Bohemian Rhapsody makes a mess of Freddie Mercury's personal life

For an ostensible Freddie Mercury biopic, Bohemian Rhapsody is seemingly unconcerned about being truthful to his life outside the tours and recording sessions. Although Mercury's family did indeed migrate to the U.K. to avoid the brunt of the Zanzibar Revolution, they didn't so much flee with just their clothes on their backs as relocate more-or-less comfortably with English passports and everything, per the Sunday Times.

In addition to exaggerating details of Mercury's relationship with Paul Prenter, the movie straight-up rewrites his relationship with eventual partner Jim Hutton. In the movie they become acquainted when Hutton is working as a waiter at one of Mercury's parties and the singer sexually harasses him, but the real-life Hutton was a hairdresser who met Mercury casually at a gay bar, according to Vanity Fair. He did rebuff Mercury's advances at first — simply because he wasn't interested, rather than because he wanted Mercury to "clean up his act" — but then they met again by chance at another gay bar a year later, and immediately started dating.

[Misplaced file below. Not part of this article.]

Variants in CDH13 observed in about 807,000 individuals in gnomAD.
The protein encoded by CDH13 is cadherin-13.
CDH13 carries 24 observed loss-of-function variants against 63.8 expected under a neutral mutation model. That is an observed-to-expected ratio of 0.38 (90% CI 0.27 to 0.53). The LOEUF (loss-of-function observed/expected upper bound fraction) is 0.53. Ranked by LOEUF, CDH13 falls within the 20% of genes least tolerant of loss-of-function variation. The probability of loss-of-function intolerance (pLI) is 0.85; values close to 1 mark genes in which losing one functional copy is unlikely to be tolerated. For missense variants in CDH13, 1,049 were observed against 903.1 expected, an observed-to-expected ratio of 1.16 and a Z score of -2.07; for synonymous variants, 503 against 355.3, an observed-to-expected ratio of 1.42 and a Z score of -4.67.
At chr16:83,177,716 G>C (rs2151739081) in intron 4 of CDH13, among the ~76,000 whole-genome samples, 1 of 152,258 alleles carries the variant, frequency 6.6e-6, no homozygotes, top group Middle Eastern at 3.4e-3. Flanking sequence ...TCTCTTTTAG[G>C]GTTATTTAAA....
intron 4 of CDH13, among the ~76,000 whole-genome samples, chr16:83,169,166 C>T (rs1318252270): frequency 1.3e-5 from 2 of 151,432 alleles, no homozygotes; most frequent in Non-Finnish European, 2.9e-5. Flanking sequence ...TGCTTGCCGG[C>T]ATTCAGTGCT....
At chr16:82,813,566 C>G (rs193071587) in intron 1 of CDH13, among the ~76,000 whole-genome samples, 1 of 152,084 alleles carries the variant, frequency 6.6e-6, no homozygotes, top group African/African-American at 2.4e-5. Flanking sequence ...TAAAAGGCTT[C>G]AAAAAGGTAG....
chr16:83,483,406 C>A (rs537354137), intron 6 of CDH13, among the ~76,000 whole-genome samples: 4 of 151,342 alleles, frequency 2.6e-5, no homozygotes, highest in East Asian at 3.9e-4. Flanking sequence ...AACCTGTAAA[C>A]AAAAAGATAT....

Finally, the movie drew a lot of controversy for fumbling Mercury's battle with AIDS. In Bohemian Rhapsody, Mercury begins to feel seriously ill while deep in the party life during the band's "split," and gets an official diagnosis as preparations for Live Aid are commencing, upon which he immediately tells Taylor, May, and bassist John Deacon. In reality, he wasn't aware he had AIDS until 1987, which was two years after Live Aid, and the rest of the band wasn't made aware of it until 1989, via E! Online.

Therefore, it would have been impossible for the disease to serve as a motivation for Queen's spectacular Live Aid performance, as it does in the film. Per Salon, this particular bit of revisionism has been called "flippant and cruel," "an insult," and "inexplicably perverse" by critics, who felt it advanced negative stereotypes and erased Mercury's true legacy in the global fight against AIDS.